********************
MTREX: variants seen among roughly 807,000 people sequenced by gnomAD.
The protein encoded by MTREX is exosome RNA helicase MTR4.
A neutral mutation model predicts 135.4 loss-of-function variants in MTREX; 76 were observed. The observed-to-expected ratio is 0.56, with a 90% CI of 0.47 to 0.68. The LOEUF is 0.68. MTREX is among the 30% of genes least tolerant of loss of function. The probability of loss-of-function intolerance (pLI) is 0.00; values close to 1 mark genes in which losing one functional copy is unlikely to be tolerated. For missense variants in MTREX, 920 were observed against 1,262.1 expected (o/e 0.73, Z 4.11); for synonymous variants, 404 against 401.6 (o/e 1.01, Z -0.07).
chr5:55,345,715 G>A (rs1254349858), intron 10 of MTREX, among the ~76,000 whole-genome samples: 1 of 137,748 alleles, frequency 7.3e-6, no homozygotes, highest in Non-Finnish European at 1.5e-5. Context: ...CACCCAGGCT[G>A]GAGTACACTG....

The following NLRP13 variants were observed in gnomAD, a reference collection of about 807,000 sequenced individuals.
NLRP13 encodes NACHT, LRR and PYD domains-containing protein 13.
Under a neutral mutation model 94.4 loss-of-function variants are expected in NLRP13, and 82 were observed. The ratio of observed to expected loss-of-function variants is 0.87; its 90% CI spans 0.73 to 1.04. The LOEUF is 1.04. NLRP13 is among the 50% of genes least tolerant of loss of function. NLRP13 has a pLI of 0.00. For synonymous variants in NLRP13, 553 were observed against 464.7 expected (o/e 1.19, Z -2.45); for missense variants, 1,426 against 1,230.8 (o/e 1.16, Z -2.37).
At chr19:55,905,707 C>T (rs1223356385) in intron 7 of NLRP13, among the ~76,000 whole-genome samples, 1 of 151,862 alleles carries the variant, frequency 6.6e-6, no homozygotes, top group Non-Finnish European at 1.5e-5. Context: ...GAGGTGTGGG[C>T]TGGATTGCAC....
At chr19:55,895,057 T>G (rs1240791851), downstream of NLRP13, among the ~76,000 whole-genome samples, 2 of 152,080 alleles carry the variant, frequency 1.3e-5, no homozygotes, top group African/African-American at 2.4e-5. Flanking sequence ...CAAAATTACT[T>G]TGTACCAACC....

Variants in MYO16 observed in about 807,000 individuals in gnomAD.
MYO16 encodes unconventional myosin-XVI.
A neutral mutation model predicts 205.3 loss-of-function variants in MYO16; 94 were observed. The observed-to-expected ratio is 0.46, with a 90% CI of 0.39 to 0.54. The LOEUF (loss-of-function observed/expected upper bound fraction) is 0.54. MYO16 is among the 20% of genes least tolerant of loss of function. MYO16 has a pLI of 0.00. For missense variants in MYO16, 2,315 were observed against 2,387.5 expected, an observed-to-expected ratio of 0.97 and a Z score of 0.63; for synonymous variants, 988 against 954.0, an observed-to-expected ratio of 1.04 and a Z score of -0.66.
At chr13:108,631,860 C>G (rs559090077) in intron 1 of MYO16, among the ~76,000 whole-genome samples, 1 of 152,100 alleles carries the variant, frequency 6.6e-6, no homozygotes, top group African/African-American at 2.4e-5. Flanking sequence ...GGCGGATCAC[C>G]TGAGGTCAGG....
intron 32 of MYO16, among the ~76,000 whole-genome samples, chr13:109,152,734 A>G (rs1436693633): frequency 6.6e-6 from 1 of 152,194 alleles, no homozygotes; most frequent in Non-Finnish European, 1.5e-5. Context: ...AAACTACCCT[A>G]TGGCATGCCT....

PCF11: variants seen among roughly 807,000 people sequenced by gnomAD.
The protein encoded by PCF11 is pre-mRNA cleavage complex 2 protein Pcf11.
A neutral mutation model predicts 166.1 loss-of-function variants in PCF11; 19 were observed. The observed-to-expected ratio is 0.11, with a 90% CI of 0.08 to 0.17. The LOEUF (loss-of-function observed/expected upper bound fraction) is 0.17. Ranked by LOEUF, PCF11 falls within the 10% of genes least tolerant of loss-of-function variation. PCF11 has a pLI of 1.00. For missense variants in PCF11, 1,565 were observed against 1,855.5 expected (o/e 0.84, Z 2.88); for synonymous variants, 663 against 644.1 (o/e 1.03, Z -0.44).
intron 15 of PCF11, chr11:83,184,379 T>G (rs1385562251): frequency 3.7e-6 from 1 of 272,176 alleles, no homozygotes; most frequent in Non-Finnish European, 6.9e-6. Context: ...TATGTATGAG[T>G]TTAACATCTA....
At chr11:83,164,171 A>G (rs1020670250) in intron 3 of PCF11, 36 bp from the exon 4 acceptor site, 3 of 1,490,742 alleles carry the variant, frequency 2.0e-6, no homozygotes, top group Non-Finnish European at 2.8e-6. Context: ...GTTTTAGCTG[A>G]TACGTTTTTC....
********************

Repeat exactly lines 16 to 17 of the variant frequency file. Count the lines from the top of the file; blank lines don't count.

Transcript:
The protein encoded by PCF11 is pre-mRNA cleavage complex 2 protein Pcf11.
A neutral mutation model predicts 166.1 loss-of-function variants in PCF11; 19 were observed. The observed-to-expected ratio is 0.11, with a 90% CI of 0.08 to 0.17. The LOEUF (loss-of-function observed/expected upper bound fraction) is 0.17. Ranked by LOEUF, PCF11 falls within the 10% of genes least tolerant of loss-of-function variation. PCF11 has a pLI of 1.00. For missense variants in PCF11, 1,565 were observed against 1,855.5 expected (o/e 0.84, Z 2.88); for synonymous variants, 663 against 644.1 (o/e 1.03, Z -0.44).